Through Peace Education, Youth Can Become Vanguards of Peace in the Great Lakes Region

Over the past five decades, youth have played a central role in the numerous violent conflicts that have afflicted the African Great Lakes Region. The existence of deeply entrenched stereotypes based on ethnicity or nationality has been a key impediment for the prospects of peace. These stereotypes, marinated over the decades, have long been internalised by local communities and have regrettably been handed down to successive generations. We have a strong conviction that peace education offers the promise of nurturing a new generation of youth into vanguards of peace in the Great Lakes Region. It is on this premise that the ICGLR and Interpeace will bring together key stakeholders from the region to a Peace Education Summit in Nairobi on 3 – 4 March 2016.

Educar para la paz: mucho más que una cátedra (Colombia)

De cara al posconflicto, la pregunta sobre el papel de la educaciónha estado presente en diversos ámbitos, tanto académicos como mediáticos. La primera reacción de nuestros legisladores siempre ha sido proponer cátedras: de convivencia, prevención de acoso escolar, protección del agua, del páramo… y ahora de la paz. Esto evidencia la poca o nula reflexión sobre el rol de la escuela en diálogo con la normatividad vigente y los retos de la sociedad actual, además de un gran desconocimiento de los problemas de fondo del sector educativo.

Impacts of the Privatization of Public Education

The political economy of public sector failure is wholly ignored when schools are declared failing and threatened with closure. Further, parents, guardians, community members, educators, and youth are systematically excluded from decisions to close schools and plans to redesign their replacements. The cover story about saving communities from educational crisis grows a bit suspect when the very communities presumably being saved are kept out of the process–and their children are often denied admission to the replacement schools.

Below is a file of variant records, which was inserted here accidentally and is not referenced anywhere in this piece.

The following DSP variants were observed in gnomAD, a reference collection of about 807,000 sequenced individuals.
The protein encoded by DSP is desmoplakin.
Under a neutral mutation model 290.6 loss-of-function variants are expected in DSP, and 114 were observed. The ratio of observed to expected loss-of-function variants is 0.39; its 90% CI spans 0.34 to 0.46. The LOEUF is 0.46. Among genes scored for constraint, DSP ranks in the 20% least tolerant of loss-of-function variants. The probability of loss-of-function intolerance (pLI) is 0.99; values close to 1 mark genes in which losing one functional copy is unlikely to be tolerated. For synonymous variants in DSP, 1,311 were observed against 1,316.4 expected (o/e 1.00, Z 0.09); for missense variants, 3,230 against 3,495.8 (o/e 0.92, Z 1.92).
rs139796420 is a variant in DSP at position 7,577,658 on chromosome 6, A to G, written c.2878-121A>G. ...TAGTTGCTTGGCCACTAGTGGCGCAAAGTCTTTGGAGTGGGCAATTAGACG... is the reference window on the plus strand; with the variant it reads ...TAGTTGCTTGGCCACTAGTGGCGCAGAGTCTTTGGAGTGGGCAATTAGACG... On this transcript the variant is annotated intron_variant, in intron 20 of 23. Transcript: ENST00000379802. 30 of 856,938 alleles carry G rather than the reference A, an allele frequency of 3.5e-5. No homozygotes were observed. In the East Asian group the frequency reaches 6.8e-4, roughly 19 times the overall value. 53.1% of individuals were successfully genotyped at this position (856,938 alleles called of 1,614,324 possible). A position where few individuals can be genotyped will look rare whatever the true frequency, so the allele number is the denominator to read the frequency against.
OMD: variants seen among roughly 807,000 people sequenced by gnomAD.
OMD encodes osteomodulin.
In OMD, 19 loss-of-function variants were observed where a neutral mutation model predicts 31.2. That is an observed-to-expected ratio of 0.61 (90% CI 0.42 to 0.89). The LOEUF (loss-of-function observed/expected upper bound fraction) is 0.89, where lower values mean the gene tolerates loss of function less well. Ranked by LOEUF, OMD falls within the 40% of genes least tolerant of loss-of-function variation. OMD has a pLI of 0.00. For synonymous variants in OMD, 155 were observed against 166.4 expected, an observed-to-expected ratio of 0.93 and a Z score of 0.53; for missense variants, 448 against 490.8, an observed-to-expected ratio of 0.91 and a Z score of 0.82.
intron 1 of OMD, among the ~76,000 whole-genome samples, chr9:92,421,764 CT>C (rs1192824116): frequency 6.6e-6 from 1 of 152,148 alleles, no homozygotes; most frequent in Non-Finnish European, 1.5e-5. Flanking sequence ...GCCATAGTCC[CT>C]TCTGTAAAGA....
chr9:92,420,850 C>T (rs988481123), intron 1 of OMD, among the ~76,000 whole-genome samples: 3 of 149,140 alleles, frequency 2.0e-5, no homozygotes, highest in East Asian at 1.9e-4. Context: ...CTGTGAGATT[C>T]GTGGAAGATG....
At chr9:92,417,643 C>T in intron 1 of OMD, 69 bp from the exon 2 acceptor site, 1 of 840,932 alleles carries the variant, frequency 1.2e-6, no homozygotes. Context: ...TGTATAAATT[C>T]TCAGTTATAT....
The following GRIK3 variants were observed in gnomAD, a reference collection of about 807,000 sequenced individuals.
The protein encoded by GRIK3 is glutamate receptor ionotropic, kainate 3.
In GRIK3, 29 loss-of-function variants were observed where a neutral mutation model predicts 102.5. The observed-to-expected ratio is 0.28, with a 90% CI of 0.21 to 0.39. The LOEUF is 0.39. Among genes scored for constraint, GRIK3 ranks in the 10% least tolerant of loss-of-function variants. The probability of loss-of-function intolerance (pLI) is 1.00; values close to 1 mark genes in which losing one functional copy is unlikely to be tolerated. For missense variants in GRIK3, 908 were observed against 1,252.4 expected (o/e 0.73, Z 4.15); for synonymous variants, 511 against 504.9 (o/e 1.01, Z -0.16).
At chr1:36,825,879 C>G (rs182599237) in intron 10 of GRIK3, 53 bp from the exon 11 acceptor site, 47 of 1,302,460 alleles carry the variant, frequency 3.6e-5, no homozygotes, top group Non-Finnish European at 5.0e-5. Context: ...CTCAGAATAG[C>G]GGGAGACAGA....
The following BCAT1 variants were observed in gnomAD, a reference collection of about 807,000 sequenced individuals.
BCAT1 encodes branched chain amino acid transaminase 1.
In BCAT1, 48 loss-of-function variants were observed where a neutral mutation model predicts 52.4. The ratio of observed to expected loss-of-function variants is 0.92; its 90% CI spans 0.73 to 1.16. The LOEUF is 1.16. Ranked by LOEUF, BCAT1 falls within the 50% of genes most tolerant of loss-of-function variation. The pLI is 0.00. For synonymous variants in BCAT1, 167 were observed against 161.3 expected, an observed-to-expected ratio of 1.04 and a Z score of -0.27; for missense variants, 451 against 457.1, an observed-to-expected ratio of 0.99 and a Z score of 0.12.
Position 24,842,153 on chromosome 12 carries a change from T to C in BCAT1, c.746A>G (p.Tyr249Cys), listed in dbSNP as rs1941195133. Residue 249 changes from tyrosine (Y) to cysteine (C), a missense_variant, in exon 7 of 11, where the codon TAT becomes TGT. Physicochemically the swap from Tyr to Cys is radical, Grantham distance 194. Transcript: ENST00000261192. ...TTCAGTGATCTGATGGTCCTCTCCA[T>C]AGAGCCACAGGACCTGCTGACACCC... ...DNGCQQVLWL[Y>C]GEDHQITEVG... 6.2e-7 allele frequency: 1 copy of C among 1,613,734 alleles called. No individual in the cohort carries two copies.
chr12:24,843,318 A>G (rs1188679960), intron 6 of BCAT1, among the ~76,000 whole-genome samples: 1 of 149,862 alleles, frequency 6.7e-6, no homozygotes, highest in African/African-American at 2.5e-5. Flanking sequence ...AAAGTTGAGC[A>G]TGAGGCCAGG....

Working for world peace here at home

David Smith suggests that to hope and pray for peace, though showing good intentions, will not prevent the tragedies we might face. Though most are not connected to efforts that focus directly on preventing violence, everyone can work for world peace in 2016. He suggests five things everyone can do to work for peace: learn about conflict, engage and share, model peace, identify and use peaceful means, and support good policies.

Children have no place in the British army

As the UK armed forces continue with their policy of targeting visits disproportionately to schools in deprived areas and children from low-income families, the Department of Education ignores the UN’s recommendations that some form of peace education should be part of the curriculum in UK state schools, and supports initiatives encouraging a military ethos.

Beyond Gun Control

(Original article: Laura Finley, CounterPunch, Dec. 3, 2015) Surely some uber-conservative political candidates will call me out on “politicizing tragedy” but I don’t care. I don’t want to pray for …

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